Tuesday, March 04, 2008

Flight part 3

I've talked about super heroes fly but so far I haven't really talked about comic book heroes. In a static medium like a comic book, characters normally just fly. There are some variations.

Back when Superman was under different editorial control than the rest of DC, characters in the Superman universe pretty much all flew. There was no explanation. If you could fly then you could fly and probably at any speed you wanted to. Supporting characters in Superman often got the power of flight and kept up with Superman. Similarly, most people who suddenly "became super" got flight along with strength and invulnerability regardless of the source of the powers.

The Legion of Superheroes was similar. The big three, Superboy, Mon-El, or Ultra Boy (plus Supergirl but they seldom counted her) had pretty much equivalent powers. Ultra Boy could only use one power at a time and could see through lead. Otherwise they all seemed to be on the same level. The rest of the Legion used flight rings (originally they used rocket packs then flight belts). They didn't seem to have any trouble keeping up. Ultra Boy often used his flight ring to stay in the air while using other powers.

The rest of DC was slightly different. Wonder Woman originally could ride air currents. Presumably this was slower and more limited than real flight since she also used a transparent airplane. Hawkman, in his various incarnations, used artificial wings. Green Lantern had his ring carry him where he needed to go.

One interesting one was Deadman who was a ghost. In his first several appearances he simply walked where ever he was going. Sometimes he was walking through thin air, hundreds of feet off of the ground. Later he started flying more like a conventional hero. Since the artist was the great Neal Addams, I'm assuming that this evolution was on purpose. When he first died, Deadman still acted like a normal man even though he was weightless and immaterial. He was flying all along but he was mimicking walking. As he grew to accept his altered state he stopped acting he was still alive.

Over at Marvel, things were different, at least most of the time. Marvel's science may have been shaky but they at least provided some explanation for a character flying. The Human Torch was supported by the updraft caused by his flames. The Sub-Mariner had winged ankles.

During the Silver Age, Stan got creative with some of his characters. The Hulk didn't fly, he jumped. Thor threw his heavy hammer then caught the unbreakable thong on the handle and was pulled after it. Presumably, once he got going, Thor used his control over weather to created an updraft to keep him going and winds to change his direction.

Iron Man had jets in his boots. Doctor Strange had a cloak of levitation. The Wasp had actual wasp wings grafted to her body (they didn't grow when she did so they vanished when she was normal-sized). Ant-Man rode flying ants.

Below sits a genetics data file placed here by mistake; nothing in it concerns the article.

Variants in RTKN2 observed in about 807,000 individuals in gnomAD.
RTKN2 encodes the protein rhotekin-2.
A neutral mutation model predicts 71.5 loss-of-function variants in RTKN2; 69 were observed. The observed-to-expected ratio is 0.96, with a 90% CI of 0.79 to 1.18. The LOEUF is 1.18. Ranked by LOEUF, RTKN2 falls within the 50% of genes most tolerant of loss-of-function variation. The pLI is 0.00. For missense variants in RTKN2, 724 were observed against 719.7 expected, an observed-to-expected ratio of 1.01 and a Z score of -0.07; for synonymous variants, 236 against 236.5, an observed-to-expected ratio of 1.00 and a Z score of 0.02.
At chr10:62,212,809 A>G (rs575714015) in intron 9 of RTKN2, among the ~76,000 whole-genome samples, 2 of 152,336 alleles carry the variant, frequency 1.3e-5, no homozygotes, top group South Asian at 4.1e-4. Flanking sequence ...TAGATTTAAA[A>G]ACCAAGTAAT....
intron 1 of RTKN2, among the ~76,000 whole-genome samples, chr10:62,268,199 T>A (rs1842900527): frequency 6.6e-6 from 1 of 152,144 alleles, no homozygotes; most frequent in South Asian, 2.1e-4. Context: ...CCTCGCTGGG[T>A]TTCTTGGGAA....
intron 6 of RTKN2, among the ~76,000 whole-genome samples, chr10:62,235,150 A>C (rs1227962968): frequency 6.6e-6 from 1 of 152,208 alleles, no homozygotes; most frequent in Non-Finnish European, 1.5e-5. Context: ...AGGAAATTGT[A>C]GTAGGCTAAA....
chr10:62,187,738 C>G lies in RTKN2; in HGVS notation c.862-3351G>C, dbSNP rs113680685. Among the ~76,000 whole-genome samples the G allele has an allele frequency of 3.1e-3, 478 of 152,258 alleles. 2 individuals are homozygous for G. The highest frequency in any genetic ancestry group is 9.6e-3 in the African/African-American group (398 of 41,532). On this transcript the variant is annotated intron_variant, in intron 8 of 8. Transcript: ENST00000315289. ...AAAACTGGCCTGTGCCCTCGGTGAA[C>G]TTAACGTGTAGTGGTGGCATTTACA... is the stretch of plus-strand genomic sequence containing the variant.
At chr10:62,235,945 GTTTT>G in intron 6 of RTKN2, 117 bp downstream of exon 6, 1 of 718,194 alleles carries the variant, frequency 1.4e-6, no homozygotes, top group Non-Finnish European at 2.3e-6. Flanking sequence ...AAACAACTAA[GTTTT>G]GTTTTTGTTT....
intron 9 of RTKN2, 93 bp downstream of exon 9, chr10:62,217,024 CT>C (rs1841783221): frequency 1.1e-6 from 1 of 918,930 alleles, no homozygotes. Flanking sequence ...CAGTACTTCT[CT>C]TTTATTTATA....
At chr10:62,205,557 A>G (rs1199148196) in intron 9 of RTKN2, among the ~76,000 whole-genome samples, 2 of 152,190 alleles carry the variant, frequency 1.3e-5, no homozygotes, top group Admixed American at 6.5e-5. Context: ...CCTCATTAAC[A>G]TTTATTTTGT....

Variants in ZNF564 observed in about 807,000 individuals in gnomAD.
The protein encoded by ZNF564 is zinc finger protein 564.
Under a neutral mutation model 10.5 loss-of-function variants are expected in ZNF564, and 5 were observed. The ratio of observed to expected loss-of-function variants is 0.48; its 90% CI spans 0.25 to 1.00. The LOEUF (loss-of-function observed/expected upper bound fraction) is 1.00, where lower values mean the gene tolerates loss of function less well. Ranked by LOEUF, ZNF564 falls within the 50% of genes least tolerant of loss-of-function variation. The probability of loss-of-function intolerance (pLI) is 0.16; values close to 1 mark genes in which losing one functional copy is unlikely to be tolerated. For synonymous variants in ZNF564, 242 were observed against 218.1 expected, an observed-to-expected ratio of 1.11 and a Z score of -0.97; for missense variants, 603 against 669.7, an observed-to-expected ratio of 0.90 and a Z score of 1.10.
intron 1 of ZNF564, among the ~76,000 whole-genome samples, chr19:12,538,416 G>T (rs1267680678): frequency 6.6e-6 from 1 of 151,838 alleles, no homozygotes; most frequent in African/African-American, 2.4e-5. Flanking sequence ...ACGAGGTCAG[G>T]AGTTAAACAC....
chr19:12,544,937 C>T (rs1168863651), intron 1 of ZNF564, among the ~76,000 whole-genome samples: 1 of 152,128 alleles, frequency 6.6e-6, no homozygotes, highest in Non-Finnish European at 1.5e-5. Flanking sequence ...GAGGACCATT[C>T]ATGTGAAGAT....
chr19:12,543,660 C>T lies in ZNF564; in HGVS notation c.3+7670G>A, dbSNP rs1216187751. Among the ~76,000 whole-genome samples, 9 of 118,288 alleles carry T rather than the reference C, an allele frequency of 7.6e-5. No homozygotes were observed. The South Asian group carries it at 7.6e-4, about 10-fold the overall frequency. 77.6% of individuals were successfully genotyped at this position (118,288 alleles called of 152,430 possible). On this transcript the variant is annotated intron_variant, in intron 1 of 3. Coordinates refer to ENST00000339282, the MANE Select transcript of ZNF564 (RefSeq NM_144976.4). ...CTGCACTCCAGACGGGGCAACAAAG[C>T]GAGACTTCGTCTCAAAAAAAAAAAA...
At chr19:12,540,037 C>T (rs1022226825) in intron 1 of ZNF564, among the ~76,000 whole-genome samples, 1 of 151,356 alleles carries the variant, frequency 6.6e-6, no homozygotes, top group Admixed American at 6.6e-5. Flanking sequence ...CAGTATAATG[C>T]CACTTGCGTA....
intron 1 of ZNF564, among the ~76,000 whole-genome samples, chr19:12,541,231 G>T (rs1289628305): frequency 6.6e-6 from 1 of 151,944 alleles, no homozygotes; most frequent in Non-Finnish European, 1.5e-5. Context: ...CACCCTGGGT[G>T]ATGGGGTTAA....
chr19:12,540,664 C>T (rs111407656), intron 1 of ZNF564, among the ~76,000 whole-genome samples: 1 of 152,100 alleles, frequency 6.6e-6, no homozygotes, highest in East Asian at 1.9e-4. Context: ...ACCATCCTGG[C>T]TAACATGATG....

Stan put limits on his characters. The Sub-Mariner's wings were slower than other characters and only good for short-term flight. Iron Man had to stop and recharge his batteries and could freeze up if he flew too high. On the other hand, the Angel who had real wings, was the most maneuverable. This makes perfect sense when you remember that everyone else except the Wasp was rocketing through the air somehow. Angel was the only one with aerodynamic surfaces. He also trained more than the other heroes thanks to Professor X.

Marvel's Captain Marvel is an interesting variation. He started out with a rocket belt which was part of his Kree uniform. Later he gained some "negabands" which gave him strength and flight and became cosmically aware. He was the first hero I can think of to really use his flight during a fight. In a battle with the Controller he was using his flight to duck under the Controller's swings and outmaneuver him. Writer/artist Jim Starlin was thank for this.

A later Starlin character, Adam Warlock, did things a bit differently. He was being attacked by a giant artificial shark in space. He tried slugging it without success. Next he tried standing on a tiny space rock, using it to anchor himself. This makes sense depending on how strong his powers of flight are. What with action and equal reaction, standing on something would allow you to hit with your entire body with the force of your blow going down your legs to the mass below you. If you hit something while flying then your powers of flight will have to substitute for this. Not that it helped Warlock against the shark.

When the Marvel Handbook came out in the 1980s the editors made it their purpose to give a rational explanation for every hero's powers. It turned out that many people can harness gravitons to propel themselves. This was the first time that someone pointed out some of the obvious limitations on flight. Once you pass 300 MPH you can no longer breath. Faster speeds will cause friction heating.

DC heroes never paid any attention to this. They move faster than the eye can see without causing more than a tiny breeze and they violate the laws of physics at the drop of a hat.

One other character should be mentioned while I'm talking about flight - Neo from The Matrix. His ability to fly is easily explained since he can alter reality. The interesting thing is the wash of unreality that follows him like a jet trail. This was visible in the final scene of The Matrix. In the sequel he found himself hundreds of miles from where he needed to be so he flew as fast as he could. This either created a powerful wind or wave of unreality. Either way, cars were being scooped up in his wake.

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